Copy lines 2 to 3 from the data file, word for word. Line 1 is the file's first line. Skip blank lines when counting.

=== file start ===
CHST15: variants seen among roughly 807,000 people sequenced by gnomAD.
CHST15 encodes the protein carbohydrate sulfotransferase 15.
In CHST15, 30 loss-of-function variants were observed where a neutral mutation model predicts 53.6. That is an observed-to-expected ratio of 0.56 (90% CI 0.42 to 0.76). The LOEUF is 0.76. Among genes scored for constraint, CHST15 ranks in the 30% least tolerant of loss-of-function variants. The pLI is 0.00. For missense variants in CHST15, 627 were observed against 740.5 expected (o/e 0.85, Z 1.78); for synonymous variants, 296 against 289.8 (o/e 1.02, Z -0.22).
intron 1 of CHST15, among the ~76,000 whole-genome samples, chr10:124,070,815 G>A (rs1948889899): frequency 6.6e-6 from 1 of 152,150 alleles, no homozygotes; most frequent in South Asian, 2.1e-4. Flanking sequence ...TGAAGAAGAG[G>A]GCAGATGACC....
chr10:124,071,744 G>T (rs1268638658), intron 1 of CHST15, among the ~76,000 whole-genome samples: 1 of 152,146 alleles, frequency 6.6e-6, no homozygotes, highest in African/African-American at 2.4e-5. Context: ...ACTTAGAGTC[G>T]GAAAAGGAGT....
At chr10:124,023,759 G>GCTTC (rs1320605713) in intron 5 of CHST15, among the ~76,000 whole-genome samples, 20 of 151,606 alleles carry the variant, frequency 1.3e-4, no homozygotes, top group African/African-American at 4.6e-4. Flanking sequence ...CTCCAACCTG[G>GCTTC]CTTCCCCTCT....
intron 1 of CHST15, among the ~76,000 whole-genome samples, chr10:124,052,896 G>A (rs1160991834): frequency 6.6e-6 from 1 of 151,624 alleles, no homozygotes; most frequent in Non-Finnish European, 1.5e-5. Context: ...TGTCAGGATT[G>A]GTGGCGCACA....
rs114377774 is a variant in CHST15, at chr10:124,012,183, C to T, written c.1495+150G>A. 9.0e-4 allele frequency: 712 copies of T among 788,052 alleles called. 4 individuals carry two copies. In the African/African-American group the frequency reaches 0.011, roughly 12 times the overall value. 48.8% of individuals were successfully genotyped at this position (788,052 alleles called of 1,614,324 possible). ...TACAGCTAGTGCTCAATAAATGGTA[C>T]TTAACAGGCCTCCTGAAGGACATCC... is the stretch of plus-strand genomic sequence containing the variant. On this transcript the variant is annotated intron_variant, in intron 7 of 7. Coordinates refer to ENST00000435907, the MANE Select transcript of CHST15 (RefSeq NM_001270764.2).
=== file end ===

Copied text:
CHST15 encodes the protein carbohydrate sulfotransferase 15.
In CHST15, 30 loss-of-function variants were observed where a neutral mutation model predicts 53.6. That is an observed-to-expected ratio of 0.56 (90% CI 0.42 to 0.76). The LOEUF is 0.76. Among genes scored for constraint, CHST15 ranks in the 30% least tolerant of loss-of-function variants. The pLI is 0.00. For missense variants in CHST15, 627 were observed against 740.5 expected (o/e 0.85, Z 1.78); for synonymous variants, 296 against 289.8 (o/e 1.02, Z -0.22).